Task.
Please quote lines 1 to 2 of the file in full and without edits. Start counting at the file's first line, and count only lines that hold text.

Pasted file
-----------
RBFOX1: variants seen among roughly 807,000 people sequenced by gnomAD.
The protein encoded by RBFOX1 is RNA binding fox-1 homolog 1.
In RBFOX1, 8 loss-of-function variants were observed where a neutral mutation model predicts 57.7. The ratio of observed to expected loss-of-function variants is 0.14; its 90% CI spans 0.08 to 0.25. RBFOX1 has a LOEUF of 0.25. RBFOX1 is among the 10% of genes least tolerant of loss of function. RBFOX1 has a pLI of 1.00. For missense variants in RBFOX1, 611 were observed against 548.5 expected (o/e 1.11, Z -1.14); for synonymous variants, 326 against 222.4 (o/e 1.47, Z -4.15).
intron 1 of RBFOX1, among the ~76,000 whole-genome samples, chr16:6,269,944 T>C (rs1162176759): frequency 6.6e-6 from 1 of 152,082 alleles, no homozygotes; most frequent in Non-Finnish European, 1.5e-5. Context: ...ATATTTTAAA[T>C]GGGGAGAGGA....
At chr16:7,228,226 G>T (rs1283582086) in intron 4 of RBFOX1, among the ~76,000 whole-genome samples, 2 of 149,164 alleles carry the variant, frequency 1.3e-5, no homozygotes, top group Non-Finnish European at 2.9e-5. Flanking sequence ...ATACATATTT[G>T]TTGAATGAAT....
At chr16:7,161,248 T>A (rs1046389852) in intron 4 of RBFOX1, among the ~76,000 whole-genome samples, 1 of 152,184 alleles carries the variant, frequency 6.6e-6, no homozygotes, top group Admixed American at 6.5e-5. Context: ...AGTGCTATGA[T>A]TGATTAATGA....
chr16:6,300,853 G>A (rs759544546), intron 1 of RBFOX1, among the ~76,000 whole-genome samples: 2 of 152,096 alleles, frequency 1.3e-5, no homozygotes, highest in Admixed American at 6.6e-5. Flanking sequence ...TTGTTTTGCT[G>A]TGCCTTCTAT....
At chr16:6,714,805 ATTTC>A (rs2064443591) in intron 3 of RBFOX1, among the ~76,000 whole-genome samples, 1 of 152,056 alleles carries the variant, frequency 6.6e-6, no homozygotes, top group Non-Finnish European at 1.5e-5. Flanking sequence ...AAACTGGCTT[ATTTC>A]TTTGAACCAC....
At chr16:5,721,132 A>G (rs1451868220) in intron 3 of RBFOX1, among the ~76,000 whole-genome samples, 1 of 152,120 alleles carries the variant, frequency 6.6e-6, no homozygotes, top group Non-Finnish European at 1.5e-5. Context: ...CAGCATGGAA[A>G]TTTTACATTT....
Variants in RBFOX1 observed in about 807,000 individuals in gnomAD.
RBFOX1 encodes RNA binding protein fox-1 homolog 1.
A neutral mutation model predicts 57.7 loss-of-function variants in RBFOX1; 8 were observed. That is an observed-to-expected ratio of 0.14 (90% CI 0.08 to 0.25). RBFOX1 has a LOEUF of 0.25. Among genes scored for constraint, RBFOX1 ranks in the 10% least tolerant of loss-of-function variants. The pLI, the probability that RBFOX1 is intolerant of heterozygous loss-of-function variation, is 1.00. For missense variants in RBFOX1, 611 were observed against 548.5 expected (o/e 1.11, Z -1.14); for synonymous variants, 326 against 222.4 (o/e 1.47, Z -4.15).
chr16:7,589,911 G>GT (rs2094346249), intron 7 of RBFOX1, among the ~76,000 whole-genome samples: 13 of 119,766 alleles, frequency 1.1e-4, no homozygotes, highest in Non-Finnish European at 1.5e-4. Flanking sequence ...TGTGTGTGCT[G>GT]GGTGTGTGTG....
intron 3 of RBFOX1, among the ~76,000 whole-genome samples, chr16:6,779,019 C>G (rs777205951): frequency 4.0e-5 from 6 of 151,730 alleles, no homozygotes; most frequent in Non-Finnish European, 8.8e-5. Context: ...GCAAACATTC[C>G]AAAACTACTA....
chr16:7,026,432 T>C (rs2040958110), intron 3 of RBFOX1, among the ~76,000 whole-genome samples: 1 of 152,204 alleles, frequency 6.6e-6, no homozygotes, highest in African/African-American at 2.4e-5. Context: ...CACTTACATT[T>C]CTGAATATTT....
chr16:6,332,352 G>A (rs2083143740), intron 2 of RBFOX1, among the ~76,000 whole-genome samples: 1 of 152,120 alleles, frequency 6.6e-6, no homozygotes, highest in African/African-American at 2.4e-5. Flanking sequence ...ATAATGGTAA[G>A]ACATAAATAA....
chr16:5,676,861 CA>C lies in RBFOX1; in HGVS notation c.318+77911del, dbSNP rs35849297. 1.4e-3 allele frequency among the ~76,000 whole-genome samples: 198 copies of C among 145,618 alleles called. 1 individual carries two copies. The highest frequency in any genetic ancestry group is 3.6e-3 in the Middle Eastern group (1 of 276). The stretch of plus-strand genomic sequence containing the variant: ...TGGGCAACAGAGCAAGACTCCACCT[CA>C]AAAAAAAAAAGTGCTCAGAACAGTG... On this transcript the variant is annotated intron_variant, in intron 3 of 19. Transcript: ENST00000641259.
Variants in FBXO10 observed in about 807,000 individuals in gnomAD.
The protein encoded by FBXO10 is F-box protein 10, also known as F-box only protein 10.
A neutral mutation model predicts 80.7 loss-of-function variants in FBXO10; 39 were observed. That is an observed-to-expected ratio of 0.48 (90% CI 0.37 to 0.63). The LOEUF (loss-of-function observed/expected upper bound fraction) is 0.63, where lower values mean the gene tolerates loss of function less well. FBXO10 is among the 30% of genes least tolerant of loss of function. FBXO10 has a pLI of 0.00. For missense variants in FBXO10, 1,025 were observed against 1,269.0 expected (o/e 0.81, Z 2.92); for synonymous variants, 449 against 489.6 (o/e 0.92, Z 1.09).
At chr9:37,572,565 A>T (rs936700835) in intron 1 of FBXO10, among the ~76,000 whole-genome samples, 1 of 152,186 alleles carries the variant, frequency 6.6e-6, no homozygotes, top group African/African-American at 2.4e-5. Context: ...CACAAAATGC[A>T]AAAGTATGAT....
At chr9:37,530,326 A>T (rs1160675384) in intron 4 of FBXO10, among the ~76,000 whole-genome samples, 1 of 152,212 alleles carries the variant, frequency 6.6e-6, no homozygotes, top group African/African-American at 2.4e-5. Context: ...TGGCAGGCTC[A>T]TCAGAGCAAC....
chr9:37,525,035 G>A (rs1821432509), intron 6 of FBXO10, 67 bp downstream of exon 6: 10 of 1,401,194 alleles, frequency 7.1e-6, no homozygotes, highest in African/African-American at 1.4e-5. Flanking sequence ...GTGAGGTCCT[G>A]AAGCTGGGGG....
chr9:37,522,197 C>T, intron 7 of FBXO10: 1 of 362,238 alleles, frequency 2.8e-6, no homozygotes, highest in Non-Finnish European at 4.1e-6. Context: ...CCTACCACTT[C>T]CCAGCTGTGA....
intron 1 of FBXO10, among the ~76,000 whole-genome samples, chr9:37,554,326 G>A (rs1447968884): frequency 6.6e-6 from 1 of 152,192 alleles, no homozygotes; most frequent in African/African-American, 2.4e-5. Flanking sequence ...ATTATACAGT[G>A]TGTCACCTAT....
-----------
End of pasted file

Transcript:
RBFOX1: variants seen among roughly 807,000 people sequenced by gnomAD.
The protein encoded by RBFOX1 is RNA binding fox-1 homolog 1.